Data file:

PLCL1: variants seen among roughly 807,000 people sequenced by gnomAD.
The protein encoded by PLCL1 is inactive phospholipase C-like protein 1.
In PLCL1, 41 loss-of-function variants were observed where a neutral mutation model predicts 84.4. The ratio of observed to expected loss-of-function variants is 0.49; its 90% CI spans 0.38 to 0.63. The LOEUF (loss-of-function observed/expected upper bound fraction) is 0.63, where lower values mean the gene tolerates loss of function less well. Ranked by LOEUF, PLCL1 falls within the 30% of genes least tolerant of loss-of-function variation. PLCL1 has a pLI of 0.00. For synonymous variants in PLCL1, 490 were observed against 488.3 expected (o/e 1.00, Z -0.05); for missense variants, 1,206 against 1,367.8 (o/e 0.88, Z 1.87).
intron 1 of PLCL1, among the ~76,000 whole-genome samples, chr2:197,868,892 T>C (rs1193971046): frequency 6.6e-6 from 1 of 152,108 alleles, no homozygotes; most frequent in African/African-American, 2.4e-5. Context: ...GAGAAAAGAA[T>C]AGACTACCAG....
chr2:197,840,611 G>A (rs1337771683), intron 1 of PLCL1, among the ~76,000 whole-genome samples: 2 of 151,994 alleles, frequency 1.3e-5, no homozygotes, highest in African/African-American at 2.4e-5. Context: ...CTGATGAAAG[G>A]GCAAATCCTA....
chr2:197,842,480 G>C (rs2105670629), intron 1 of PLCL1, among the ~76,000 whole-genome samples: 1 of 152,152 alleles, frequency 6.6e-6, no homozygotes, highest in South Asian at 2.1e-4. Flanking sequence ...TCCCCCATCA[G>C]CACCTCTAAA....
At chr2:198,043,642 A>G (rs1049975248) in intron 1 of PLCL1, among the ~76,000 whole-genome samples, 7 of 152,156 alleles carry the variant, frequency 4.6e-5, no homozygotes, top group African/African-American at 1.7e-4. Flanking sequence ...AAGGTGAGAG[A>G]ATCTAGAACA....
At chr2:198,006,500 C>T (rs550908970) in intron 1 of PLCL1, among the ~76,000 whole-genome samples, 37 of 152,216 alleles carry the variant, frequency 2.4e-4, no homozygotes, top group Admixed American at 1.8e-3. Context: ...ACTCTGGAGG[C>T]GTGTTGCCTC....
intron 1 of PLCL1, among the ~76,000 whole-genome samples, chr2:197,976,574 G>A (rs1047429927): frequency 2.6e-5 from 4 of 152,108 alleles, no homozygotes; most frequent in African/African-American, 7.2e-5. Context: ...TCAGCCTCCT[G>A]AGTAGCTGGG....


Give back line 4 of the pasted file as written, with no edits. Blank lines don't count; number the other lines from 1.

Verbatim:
intron 1 of PLCL1, among the ~76,000 whole-genome samples, chr2:197,868,892 T>C (rs1193971046): frequency 6.6e-6 from 1 of 152,108 alleles, no homozygotes; most frequent in African/African-American, 2.4e-5. Context: ...GAGAAAAGAA[T>C]AGACTACCAG....